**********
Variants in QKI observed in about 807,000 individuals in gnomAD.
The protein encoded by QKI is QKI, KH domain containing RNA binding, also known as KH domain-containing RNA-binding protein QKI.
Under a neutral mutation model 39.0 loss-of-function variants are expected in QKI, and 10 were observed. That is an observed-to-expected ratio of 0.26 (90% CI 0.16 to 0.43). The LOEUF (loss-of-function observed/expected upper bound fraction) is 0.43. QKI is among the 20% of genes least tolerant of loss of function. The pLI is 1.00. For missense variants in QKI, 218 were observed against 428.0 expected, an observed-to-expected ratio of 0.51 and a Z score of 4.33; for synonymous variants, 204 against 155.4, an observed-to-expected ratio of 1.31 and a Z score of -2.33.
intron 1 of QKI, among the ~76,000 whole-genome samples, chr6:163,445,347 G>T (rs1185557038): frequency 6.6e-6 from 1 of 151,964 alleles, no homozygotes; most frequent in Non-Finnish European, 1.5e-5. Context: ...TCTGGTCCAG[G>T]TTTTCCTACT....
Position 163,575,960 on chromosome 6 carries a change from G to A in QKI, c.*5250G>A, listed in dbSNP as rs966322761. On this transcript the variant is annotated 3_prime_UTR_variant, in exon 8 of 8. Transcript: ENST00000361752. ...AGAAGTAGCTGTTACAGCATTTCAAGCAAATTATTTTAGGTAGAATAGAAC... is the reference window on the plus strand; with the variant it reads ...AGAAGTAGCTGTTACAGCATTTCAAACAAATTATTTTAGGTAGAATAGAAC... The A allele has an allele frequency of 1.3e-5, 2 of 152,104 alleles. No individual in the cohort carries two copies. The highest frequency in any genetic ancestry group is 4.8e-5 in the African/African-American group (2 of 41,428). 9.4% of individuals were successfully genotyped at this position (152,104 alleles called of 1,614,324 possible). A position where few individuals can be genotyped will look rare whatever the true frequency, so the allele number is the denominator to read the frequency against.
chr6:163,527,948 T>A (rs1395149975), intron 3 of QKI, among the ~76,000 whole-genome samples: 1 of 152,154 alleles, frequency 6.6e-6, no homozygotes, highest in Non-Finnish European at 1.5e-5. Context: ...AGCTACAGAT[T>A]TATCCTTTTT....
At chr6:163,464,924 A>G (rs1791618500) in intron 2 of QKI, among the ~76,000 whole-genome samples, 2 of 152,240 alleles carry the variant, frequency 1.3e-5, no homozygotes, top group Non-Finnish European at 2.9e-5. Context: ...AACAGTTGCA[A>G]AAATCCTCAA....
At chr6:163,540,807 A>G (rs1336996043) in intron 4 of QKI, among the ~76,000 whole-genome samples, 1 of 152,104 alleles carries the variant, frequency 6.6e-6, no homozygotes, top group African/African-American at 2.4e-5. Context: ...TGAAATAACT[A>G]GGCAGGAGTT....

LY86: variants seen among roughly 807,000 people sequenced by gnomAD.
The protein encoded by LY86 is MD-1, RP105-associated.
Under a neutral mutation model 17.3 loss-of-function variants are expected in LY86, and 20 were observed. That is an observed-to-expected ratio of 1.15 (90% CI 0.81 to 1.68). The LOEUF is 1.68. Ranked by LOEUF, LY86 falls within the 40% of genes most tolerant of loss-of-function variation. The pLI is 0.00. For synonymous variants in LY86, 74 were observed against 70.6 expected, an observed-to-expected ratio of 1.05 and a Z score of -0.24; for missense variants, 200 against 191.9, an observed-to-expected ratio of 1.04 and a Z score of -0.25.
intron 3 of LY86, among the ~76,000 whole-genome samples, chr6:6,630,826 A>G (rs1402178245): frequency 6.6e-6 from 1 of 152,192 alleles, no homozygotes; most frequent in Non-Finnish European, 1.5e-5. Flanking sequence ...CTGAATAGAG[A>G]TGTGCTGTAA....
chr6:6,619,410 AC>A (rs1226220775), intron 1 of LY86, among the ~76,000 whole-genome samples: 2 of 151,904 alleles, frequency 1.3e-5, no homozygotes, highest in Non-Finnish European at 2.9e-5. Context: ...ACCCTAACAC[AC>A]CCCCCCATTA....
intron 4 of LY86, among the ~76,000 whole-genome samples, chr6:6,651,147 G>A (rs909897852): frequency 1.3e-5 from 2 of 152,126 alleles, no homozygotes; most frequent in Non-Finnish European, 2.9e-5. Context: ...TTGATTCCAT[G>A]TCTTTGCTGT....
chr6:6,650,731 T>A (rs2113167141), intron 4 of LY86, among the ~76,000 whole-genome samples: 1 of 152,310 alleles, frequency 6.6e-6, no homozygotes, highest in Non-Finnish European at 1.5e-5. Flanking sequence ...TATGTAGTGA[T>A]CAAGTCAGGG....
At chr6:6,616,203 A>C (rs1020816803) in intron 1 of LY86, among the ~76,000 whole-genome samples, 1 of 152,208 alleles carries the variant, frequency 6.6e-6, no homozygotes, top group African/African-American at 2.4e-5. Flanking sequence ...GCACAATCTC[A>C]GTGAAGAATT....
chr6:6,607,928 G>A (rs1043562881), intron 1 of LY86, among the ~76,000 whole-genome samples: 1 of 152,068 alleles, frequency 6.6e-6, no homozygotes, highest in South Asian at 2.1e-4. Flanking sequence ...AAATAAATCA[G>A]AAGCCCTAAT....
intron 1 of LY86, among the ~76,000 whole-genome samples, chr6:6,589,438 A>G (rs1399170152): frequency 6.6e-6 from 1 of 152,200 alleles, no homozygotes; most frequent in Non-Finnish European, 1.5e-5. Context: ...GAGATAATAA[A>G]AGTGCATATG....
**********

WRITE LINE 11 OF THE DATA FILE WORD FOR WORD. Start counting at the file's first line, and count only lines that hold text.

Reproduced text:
Under a neutral mutation model 17.3 loss-of-function variants are expected in LY86, and 20 were observed. That is an observed-to-expected ratio of 1.15 (90% CI 0.81 to 1.68). The LOEUF is 1.68. Ranked by LOEUF, LY86 falls within the 40% of genes most tolerant of loss-of-function variation. The pLI is 0.00. For synonymous variants in LY86, 74 were observed against 70.6 expected, an observed-to-expected ratio of 1.05 and a Z score of -0.24; for missense variants, 200 against 191.9, an observed-to-expected ratio of 1.04 and a Z score of -0.25.